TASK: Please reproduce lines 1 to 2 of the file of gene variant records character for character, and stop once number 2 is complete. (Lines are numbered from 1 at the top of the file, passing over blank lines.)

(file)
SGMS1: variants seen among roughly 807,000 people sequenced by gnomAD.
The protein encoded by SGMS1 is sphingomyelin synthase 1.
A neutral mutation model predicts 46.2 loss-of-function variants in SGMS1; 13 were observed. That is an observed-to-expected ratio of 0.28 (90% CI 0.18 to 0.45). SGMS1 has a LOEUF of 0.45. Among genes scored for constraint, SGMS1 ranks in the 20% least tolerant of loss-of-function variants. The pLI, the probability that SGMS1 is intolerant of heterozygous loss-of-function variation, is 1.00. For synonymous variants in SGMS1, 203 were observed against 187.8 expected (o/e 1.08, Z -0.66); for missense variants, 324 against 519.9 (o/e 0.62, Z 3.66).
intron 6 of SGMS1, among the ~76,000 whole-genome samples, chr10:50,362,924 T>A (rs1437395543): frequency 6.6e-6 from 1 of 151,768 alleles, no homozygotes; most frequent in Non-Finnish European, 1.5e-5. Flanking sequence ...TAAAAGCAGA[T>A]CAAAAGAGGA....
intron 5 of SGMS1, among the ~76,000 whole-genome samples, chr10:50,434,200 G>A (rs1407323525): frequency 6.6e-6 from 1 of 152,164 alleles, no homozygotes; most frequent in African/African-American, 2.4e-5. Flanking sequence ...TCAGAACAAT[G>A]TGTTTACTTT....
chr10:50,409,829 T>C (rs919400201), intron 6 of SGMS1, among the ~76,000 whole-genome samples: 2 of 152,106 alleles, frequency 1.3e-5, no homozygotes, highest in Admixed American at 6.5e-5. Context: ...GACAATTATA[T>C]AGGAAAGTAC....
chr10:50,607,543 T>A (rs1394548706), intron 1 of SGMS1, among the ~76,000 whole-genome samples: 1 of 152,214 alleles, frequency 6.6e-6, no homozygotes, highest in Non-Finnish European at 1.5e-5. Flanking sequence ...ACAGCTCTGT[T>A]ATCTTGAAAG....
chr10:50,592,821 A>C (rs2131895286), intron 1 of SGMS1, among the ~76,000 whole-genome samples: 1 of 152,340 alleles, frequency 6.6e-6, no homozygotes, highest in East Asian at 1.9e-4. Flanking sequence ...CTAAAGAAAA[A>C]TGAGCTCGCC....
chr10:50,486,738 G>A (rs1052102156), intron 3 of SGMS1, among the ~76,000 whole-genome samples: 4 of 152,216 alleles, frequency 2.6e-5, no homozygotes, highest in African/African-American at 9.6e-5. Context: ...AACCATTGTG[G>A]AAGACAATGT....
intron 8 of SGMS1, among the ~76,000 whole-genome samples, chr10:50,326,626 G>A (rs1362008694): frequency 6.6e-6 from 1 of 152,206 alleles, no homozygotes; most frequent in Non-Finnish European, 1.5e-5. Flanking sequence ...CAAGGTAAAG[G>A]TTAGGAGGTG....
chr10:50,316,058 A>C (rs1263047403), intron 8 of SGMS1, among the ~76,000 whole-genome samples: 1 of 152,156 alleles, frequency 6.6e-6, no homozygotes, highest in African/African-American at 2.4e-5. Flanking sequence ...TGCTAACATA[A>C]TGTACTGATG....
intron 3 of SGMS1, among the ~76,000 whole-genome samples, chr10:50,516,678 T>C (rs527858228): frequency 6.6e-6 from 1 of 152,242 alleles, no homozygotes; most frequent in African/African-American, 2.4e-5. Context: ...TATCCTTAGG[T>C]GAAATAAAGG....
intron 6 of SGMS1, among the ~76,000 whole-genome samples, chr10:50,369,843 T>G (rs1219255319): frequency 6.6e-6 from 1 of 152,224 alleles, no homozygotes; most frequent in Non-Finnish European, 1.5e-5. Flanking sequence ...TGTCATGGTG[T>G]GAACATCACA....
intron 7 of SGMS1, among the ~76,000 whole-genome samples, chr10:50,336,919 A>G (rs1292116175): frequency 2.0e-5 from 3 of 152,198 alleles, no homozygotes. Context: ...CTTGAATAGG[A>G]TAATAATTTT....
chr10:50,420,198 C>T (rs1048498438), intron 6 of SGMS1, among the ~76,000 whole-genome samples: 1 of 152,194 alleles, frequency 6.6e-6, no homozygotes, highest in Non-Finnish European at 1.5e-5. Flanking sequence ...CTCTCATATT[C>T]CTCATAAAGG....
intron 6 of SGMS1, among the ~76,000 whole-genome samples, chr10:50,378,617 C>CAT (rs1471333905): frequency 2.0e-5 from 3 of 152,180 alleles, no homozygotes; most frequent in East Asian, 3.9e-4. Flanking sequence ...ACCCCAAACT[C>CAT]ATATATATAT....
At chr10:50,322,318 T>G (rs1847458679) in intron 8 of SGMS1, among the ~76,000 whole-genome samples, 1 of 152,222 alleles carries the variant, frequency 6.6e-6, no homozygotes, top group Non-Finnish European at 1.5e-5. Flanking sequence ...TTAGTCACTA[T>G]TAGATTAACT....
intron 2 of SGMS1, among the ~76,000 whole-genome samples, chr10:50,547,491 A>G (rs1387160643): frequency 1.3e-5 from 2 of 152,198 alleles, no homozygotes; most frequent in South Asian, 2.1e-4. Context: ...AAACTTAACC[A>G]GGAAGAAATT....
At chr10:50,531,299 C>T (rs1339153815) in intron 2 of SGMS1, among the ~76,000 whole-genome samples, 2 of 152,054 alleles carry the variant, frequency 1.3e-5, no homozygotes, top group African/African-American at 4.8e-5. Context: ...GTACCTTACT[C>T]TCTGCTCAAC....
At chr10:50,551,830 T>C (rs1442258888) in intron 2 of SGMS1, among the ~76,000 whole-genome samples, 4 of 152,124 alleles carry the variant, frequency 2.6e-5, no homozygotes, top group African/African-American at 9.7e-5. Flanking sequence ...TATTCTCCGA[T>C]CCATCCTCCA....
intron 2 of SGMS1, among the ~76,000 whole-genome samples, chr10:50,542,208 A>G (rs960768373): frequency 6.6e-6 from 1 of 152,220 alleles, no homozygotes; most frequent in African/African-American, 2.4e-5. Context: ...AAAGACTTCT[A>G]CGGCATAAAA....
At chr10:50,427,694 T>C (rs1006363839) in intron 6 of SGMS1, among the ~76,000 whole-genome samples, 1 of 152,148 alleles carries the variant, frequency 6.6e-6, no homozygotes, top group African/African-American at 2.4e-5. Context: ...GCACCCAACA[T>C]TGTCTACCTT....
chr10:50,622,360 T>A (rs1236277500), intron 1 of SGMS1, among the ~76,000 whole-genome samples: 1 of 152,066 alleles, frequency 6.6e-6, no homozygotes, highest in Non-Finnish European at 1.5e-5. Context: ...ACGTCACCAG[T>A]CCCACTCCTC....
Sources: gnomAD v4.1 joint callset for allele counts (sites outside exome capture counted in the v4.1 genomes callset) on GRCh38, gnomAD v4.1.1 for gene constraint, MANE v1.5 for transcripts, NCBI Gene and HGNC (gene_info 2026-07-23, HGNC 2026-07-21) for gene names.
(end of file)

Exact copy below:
SGMS1: variants seen among roughly 807,000 people sequenced by gnomAD.
The protein encoded by SGMS1 is sphingomyelin synthase 1.